The Book of Mike

"This is no junior college. This is the notorious University of Miami.” -- Marlins starter Dontrelle Willis, after getting knocked around for six runs in 2 1/3 innings by the Canes.

Monday, July 19, 2004

Back from Cincinnati

Well, I’m back from Cincinnati and my first SABR convention today.  Actually, I got back last night – which, not coincidentally, was also about the same time that I finally got comfortable spelling Cincinnati.  For whatever reason, I really struggle with that word. 
To be brief, the city and the convention were great.  I stayed at the Westin, which was the host hotel of the convention.  It’s a very nice hotel in the downtown area, which is within walking distance of the Reds’ Great American Ballpark and even the Bengals’ Paul Brown Stadium.  According to my latest Green Book, the Westin also plays host to four or five National League teams when they come to town (although the Cardinals were down the street at the Hyatt Regency this weekend).  Other than the elevators, which there were few of and the ones they had were slow, everything about the hotel was great – especially Westin’s signature Heavenly beds.  You wouldn’t think a little thing like a bed could be so pleasant, but it would make me pay a few extra bucks for a Westin over another hotel that didn’t offer something quite so nice.  Anyways, on to the conference…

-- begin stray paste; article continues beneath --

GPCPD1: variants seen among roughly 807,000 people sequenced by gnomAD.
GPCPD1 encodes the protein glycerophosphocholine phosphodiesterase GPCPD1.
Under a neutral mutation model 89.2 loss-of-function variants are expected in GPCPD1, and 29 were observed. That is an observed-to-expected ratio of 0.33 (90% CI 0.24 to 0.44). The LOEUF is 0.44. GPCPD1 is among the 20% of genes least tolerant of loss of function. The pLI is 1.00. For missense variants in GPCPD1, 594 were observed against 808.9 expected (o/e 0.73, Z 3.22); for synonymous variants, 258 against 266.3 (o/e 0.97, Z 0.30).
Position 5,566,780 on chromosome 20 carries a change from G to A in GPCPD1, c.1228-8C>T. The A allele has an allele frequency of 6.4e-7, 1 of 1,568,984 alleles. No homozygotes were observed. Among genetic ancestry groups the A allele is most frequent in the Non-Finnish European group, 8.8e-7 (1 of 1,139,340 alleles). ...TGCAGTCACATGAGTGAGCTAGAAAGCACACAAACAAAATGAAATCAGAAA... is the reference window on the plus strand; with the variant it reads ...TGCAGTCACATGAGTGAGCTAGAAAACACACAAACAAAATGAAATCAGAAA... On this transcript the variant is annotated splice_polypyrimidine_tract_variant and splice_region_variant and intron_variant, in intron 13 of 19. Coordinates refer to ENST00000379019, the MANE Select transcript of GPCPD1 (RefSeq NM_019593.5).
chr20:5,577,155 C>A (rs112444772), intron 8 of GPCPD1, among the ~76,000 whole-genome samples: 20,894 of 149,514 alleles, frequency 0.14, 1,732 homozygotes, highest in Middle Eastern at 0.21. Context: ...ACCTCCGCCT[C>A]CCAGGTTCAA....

I arrived on Thursday morning, and while I was far from the first person to register, I arrived in time to see many of the presentations.  Overall, I was highly impressed by the presentations, the presenters, the written work, and everything done by my fellow members.  Granted, some presentations were better than others, but what I found was that the biggest thing separating the best from the not-quite-best was how polished each work was in terms of presentability, form, and format.  The analysis and research that went into each presentation was stellar.  Even topics that didn’t seem to be particularly interesting to me – such as a history of baseball in 1900 in Virginia were very well done and held my attention.
My favorite presentation was Andy McCue’s “Rickey vs. O’Malley and the Mysterious Buyout Clause.”  McCue’s presentation, which won an award for the best at the convention, was informative and interesting, even though it was on a topic that I knew nothing about beforehand.  Mr. McCue was particularly impressive in his handling of questions taken after his presentation, as many of the questions were only loosely related to his subject matter.